Netscape key to IBM's new Web strategy

IBM this week is extending its partnership with Netscape Communications to selling high-end versions of its RS/6000 Unix server line bundled with several of Netscape's Web server applications.

With several of its product lines converging toward the World Wide Web and the number of its Internet partnerships proliferating, IBM hopes to give its users a broad array of choices by betting on many horses in the Web race.

IBM this week is extending its partnership with Netscape Communications to selling high-end versions of its RS/6000 Unix server line bundled with several of Netscape's Web server applications.

IBM last week saidit would port its own Web server applications and tools to a range of operating systems, including HP-UX, Solaris, Windows NT and OS/2 Warp.

By bundling Web software with hardware and offering a choice of Web servers -- including IBM's Lotus Notes-based Domino product -- IBM hopes to cover its bases in the fast-moving Web arena.

"IBM is figuring out that partnering is a good idea," says Michael Gibson, IBM's manager of PC server solutions, in Raleigh, North Carolina. "We don't have all the answers, but with partnerships, we do have more answers for your business."

Some analysts confirm that IBM will not push Notes as the only intranet platform.

"I think they're afraid to do that -- IBM is afraid of being accused of trying to push a strategy down people's throats," says Jon Oltsik, an analyst with Forrester Research, in Cambridge, Massachusetts.

IBM is also actively tying its back-end transaction servers, namely CICS mainframe query systems, more tightly to third-party Web products via Java.

By the end of the year, IBM's Hursley Park Laboratories, in Hursley, England, will develop a version of the CICS client written in Java, which will allow users of Java-compliant Web browsers to work with back-end CICS applications and use the security and authentication services in CICS. Currently, IBM sells a gateway between CICS and Web servers that does not offer the same level of access and security.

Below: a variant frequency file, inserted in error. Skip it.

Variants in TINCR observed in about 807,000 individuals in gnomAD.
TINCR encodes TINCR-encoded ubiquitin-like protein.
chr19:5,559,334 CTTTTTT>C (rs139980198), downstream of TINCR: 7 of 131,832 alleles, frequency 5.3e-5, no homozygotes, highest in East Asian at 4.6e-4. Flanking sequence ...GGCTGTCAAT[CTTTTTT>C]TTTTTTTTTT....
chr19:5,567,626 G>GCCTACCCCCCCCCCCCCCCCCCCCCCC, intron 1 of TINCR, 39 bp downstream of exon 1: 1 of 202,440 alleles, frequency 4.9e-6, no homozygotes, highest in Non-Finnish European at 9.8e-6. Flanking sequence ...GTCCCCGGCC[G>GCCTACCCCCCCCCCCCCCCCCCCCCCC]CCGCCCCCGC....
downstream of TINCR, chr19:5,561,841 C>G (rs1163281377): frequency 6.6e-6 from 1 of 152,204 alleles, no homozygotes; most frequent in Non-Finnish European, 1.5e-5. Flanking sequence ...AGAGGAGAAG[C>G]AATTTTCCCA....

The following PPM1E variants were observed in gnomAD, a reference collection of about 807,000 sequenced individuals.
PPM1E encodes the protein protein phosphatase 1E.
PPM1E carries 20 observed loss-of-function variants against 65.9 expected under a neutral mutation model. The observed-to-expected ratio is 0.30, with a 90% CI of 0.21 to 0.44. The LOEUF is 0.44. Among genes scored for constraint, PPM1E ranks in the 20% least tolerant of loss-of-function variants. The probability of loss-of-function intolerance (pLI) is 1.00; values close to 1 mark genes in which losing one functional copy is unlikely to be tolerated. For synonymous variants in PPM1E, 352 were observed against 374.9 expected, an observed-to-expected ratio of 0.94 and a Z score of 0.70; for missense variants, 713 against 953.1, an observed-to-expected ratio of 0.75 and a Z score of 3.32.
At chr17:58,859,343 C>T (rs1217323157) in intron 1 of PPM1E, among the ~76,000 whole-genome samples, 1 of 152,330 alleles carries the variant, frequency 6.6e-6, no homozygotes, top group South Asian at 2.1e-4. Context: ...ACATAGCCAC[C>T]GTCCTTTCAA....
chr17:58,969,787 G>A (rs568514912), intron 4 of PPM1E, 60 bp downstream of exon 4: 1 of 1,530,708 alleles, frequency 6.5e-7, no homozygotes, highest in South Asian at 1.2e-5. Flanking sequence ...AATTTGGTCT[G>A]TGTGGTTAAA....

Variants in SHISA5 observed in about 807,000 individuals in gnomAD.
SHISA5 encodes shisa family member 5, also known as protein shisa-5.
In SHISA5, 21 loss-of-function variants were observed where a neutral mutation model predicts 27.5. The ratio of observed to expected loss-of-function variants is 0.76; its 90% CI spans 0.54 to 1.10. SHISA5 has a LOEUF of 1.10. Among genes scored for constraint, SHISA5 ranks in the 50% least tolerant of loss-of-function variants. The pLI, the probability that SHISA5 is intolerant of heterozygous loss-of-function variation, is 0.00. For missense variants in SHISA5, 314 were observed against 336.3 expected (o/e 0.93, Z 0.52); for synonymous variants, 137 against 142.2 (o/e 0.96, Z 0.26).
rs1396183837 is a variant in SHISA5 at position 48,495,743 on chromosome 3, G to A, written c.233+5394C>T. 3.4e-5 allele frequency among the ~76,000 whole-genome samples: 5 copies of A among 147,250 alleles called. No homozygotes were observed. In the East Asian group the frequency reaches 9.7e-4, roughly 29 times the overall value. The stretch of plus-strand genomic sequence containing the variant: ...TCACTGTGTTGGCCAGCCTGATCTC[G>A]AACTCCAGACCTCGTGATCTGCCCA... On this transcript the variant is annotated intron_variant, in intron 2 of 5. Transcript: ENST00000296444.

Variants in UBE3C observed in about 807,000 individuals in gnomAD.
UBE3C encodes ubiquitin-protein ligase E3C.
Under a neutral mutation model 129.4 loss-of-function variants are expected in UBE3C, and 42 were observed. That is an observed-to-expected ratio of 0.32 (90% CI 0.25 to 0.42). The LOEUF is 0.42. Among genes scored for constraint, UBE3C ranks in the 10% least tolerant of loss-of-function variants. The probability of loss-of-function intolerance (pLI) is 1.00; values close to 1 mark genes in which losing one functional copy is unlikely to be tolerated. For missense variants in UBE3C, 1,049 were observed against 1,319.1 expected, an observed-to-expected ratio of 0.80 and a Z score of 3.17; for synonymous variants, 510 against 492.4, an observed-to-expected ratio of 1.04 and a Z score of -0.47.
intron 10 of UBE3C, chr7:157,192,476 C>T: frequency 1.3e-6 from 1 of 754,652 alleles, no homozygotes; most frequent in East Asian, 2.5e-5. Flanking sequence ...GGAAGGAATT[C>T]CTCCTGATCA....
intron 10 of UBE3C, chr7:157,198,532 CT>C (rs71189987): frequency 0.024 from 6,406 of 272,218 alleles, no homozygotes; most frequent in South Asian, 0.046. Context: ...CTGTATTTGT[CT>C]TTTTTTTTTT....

Meanwhile, IBM is planning ports to other OSes to ensure that its Web servers can operate in a multiplatform environment.

The improved Version 4.1 of IBM's Internet Connection Server and Internet Connection Secure Server, available now on OS/2 Warp, Windows NT and AIX, feature new tools that help users better develop fully secured, customised Web sites.

IBM plans to make both the base and secure Internet Servers available for HP-UX and Solaris operating systems. Version 4.1 will be available for download this week, company officials say.

The intent behind the new customisation tools is to allow users to more dramatically differentiate themselves from the thousands of other businesses on the Web.

To help users securely set up both intranet and Internet sites, the servers have an authenticity-certificate utility -- a tool for creating certificates for employees without having to pay on a per-person basis.

Expected to be commercially available by the end of July, Internet Connection Server 4.1 will cost US$99, and Internet Connection Secure Server 4.1 will cost US$295.

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